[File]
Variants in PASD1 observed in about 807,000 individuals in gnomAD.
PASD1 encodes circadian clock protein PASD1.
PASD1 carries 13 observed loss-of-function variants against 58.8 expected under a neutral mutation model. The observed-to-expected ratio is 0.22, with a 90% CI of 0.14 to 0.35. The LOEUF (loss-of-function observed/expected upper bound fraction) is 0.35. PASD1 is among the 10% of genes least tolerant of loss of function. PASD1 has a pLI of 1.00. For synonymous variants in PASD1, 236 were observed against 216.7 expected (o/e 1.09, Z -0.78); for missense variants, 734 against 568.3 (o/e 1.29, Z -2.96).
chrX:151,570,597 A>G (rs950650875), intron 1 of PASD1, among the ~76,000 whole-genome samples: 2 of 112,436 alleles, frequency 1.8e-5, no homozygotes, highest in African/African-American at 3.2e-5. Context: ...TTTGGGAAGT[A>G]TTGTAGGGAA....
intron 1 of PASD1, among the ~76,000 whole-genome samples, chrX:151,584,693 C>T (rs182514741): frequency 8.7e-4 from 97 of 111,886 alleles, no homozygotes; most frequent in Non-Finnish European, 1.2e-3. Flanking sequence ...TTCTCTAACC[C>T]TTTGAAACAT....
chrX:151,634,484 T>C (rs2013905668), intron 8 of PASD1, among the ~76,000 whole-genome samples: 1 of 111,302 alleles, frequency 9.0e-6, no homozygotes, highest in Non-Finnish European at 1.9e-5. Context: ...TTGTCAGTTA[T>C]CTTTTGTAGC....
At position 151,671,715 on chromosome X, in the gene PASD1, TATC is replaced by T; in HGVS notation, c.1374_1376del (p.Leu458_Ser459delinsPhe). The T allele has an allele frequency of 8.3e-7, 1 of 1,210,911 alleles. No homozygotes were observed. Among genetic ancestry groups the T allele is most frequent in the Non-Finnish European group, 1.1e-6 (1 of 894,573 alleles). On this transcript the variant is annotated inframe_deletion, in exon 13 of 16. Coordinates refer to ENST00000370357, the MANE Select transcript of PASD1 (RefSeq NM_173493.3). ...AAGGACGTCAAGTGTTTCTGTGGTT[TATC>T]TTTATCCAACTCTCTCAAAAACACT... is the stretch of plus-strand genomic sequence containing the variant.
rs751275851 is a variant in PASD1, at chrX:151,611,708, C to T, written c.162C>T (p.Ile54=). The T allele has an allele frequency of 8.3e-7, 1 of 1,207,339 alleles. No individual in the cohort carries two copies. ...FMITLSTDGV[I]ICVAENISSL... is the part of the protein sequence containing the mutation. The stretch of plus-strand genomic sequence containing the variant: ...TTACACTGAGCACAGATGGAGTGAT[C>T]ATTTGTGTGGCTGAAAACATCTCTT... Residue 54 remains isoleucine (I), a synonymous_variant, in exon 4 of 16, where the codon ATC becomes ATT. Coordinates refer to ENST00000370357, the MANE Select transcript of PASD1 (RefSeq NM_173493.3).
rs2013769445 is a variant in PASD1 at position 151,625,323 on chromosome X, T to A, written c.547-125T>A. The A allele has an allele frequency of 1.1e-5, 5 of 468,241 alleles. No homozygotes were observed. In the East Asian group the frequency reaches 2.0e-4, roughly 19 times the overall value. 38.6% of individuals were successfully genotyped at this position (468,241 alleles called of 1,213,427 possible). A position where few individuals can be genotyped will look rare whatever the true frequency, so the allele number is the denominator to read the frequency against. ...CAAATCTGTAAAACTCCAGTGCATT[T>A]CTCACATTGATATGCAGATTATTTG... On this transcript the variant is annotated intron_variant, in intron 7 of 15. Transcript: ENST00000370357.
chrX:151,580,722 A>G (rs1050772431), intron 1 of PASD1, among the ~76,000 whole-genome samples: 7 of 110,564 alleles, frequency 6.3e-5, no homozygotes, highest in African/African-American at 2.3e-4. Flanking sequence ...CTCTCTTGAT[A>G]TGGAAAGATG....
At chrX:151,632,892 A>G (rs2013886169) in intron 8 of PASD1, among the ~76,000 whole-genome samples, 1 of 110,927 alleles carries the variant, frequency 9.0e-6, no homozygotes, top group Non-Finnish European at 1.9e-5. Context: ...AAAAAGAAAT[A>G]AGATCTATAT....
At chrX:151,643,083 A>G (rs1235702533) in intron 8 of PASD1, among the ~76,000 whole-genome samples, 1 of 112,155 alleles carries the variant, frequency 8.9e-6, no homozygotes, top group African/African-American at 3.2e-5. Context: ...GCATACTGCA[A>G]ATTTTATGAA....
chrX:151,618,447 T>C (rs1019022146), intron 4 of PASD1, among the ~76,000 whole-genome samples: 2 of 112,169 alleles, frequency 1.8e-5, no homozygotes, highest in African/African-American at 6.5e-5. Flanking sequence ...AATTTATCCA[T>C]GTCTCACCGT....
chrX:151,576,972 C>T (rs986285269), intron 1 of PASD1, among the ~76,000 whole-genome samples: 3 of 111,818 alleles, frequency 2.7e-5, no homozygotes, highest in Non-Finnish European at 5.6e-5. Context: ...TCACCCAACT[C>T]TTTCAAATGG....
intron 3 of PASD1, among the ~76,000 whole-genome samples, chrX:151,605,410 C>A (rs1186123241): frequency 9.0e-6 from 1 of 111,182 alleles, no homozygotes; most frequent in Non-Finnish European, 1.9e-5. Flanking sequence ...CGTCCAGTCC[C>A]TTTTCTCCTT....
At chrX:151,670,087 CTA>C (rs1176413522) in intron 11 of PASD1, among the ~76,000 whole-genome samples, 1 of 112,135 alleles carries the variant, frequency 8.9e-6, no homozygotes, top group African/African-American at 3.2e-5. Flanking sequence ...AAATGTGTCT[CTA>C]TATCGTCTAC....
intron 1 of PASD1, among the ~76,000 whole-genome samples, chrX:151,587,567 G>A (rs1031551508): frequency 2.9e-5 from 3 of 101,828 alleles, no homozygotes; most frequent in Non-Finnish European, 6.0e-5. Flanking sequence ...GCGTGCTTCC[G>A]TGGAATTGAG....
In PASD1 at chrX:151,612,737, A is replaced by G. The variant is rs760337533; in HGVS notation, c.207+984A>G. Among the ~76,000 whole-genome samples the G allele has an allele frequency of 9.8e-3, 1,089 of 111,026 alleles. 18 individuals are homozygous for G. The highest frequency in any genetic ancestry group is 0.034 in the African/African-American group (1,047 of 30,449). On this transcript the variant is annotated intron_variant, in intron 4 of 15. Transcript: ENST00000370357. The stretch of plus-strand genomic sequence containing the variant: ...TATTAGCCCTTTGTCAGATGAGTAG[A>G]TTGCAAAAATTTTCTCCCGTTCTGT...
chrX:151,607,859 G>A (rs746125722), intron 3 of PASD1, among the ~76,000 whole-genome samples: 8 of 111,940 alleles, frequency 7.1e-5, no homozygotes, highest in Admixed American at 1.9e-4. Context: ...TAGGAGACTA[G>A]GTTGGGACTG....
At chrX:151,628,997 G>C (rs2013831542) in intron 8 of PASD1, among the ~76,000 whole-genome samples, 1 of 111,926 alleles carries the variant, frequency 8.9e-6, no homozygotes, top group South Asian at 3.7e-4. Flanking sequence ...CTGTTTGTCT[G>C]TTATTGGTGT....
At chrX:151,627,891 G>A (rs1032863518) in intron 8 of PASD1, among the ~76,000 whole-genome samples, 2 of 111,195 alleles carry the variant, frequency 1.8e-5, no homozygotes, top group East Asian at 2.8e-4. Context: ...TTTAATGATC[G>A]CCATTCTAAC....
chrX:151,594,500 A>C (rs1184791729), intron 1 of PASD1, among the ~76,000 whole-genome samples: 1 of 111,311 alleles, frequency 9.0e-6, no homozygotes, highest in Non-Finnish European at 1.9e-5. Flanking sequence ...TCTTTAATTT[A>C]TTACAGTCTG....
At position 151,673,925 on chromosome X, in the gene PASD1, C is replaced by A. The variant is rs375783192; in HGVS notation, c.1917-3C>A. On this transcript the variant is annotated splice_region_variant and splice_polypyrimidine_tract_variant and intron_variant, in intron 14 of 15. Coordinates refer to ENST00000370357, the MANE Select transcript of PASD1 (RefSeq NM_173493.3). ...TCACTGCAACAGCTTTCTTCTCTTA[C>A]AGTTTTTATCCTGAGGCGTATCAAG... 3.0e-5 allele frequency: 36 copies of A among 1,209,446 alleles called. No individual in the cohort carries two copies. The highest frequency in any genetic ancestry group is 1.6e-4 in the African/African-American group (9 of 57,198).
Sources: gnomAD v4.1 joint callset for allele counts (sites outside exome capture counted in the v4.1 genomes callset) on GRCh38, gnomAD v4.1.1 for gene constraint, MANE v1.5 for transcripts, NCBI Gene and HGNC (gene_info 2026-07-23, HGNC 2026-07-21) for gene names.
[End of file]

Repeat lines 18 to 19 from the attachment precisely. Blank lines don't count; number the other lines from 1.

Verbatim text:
In PASD1 at chrX:151,612,737, A is replaced by G. The variant is rs760337533; in HGVS notation, c.207+984A>G. Among the ~76,000 whole-genome samples the G allele has an allele frequency of 9.8e-3, 1,089 of 111,026 alleles. 18 individuals are homozygous for G. The highest frequency in any genetic ancestry group is 0.034 in the African/African-American group (1,047 of 30,449). On this transcript the variant is annotated intron_variant, in intron 4 of 15. Transcript: ENST00000370357. The stretch of plus-strand genomic sequence containing the variant: ...TATTAGCCCTTTGTCAGATGAGTAG[A>G]TTGCAAAAATTTTCTCCCGTTCTGT...
chrX:151,607,859 G>A (rs746125722), intron 3 of PASD1, among the ~76,000 whole-genome samples: 8 of 111,940 alleles, frequency 7.1e-5, no homozygotes, highest in Admixed American at 1.9e-4. Context: ...TAGGAGACTA[G>A]GTTGGGACTG....